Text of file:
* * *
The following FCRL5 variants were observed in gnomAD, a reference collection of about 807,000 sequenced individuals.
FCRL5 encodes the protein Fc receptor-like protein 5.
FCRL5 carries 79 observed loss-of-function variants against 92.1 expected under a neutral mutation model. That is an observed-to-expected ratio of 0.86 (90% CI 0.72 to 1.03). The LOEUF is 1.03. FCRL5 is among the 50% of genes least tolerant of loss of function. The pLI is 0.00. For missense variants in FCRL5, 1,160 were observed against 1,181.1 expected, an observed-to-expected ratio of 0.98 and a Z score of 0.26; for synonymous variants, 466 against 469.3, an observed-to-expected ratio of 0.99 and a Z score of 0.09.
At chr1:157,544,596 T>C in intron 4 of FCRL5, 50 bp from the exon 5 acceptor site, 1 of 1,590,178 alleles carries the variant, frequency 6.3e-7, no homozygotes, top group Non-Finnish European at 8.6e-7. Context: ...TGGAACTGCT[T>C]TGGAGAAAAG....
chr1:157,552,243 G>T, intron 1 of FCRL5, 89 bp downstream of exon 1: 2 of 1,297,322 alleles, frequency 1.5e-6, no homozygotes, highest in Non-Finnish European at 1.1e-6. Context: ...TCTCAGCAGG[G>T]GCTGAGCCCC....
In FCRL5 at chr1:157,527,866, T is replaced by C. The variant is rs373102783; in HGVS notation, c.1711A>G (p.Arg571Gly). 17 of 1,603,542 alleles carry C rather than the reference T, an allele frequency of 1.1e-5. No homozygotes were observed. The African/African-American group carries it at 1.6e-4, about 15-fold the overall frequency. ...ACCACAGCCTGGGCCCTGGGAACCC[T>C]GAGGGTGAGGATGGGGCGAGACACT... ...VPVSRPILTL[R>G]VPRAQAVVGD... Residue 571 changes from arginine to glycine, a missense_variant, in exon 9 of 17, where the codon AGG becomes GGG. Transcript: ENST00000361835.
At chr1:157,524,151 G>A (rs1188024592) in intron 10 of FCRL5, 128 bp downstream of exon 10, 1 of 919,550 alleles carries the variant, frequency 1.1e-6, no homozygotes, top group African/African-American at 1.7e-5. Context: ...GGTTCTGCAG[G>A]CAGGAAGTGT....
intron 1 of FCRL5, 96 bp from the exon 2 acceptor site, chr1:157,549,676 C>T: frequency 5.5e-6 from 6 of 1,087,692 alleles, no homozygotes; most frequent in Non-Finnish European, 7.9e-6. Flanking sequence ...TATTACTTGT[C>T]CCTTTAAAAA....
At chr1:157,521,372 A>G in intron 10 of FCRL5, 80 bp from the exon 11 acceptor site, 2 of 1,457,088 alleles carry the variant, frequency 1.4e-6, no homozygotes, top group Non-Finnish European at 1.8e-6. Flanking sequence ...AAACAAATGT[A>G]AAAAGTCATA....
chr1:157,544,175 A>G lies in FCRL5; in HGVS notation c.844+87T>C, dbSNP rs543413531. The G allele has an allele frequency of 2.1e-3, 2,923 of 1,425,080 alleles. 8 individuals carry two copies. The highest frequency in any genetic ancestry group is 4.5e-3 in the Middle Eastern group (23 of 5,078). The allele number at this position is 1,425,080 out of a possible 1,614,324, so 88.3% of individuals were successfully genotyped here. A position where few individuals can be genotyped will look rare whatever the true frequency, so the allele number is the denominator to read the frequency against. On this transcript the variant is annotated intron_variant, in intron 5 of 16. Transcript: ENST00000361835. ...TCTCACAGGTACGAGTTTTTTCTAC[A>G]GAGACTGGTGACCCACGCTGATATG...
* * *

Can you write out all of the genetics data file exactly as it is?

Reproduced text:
The following FCRL5 variants were observed in gnomAD, a reference collection of about 807,000 sequenced individuals.
FCRL5 encodes the protein Fc receptor-like protein 5.
FCRL5 carries 79 observed loss-of-function variants against 92.1 expected under a neutral mutation model. That is an observed-to-expected ratio of 0.86 (90% CI 0.72 to 1.03). The LOEUF is 1.03. FCRL5 is among the 50% of genes least tolerant of loss of function. The pLI is 0.00. For missense variants in FCRL5, 1,160 were observed against 1,181.1 expected, an observed-to-expected ratio of 0.98 and a Z score of 0.26; for synonymous variants, 466 against 469.3, an observed-to-expected ratio of 0.99 and a Z score of 0.09.
At chr1:157,544,596 T>C in intron 4 of FCRL5, 50 bp from the exon 5 acceptor site, 1 of 1,590,178 alleles carries the variant, frequency 6.3e-7, no homozygotes, top group Non-Finnish European at 8.6e-7. Context: ...TGGAACTGCT[T>C]TGGAGAAAAG....
chr1:157,552,243 G>T, intron 1 of FCRL5, 89 bp downstream of exon 1: 2 of 1,297,322 alleles, frequency 1.5e-6, no homozygotes, highest in Non-Finnish European at 1.1e-6. Context: ...TCTCAGCAGG[G>T]GCTGAGCCCC....
In FCRL5 at chr1:157,527,866, T is replaced by C. The variant is rs373102783; in HGVS notation, c.1711A>G (p.Arg571Gly). 17 of 1,603,542 alleles carry C rather than the reference T, an allele frequency of 1.1e-5. No homozygotes were observed. The African/African-American group carries it at 1.6e-4, about 15-fold the overall frequency. ...ACCACAGCCTGGGCCCTGGGAACCC[T>C]GAGGGTGAGGATGGGGCGAGACACT... ...VPVSRPILTL[R>G]VPRAQAVVGD... Residue 571 changes from arginine to glycine, a missense_variant, in exon 9 of 17, where the codon AGG becomes GGG. Transcript: ENST00000361835.
At chr1:157,524,151 G>A (rs1188024592) in intron 10 of FCRL5, 128 bp downstream of exon 10, 1 of 919,550 alleles carries the variant, frequency 1.1e-6, no homozygotes, top group African/African-American at 1.7e-5. Context: ...GGTTCTGCAG[G>A]CAGGAAGTGT....
intron 1 of FCRL5, 96 bp from the exon 2 acceptor site, chr1:157,549,676 C>T: frequency 5.5e-6 from 6 of 1,087,692 alleles, no homozygotes; most frequent in Non-Finnish European, 7.9e-6. Flanking sequence ...TATTACTTGT[C>T]CCTTTAAAAA....
At chr1:157,521,372 A>G in intron 10 of FCRL5, 80 bp from the exon 11 acceptor site, 2 of 1,457,088 alleles carry the variant, frequency 1.4e-6, no homozygotes, top group Non-Finnish European at 1.8e-6. Flanking sequence ...AAACAAATGT[A>G]AAAAGTCATA....
chr1:157,544,175 A>G lies in FCRL5; in HGVS notation c.844+87T>C, dbSNP rs543413531. The G allele has an allele frequency of 2.1e-3, 2,923 of 1,425,080 alleles. 8 individuals carry two copies. The highest frequency in any genetic ancestry group is 4.5e-3 in the Middle Eastern group (23 of 5,078). The allele number at this position is 1,425,080 out of a possible 1,614,324, so 88.3% of individuals were successfully genotyped here. A position where few individuals can be genotyped will look rare whatever the true frequency, so the allele number is the denominator to read the frequency against. On this transcript the variant is annotated intron_variant, in intron 5 of 16. Transcript: ENST00000361835. ...TCTCACAGGTACGAGTTTTTTCTAC[A>G]GAGACTGGTGACCCACGCTGATATG...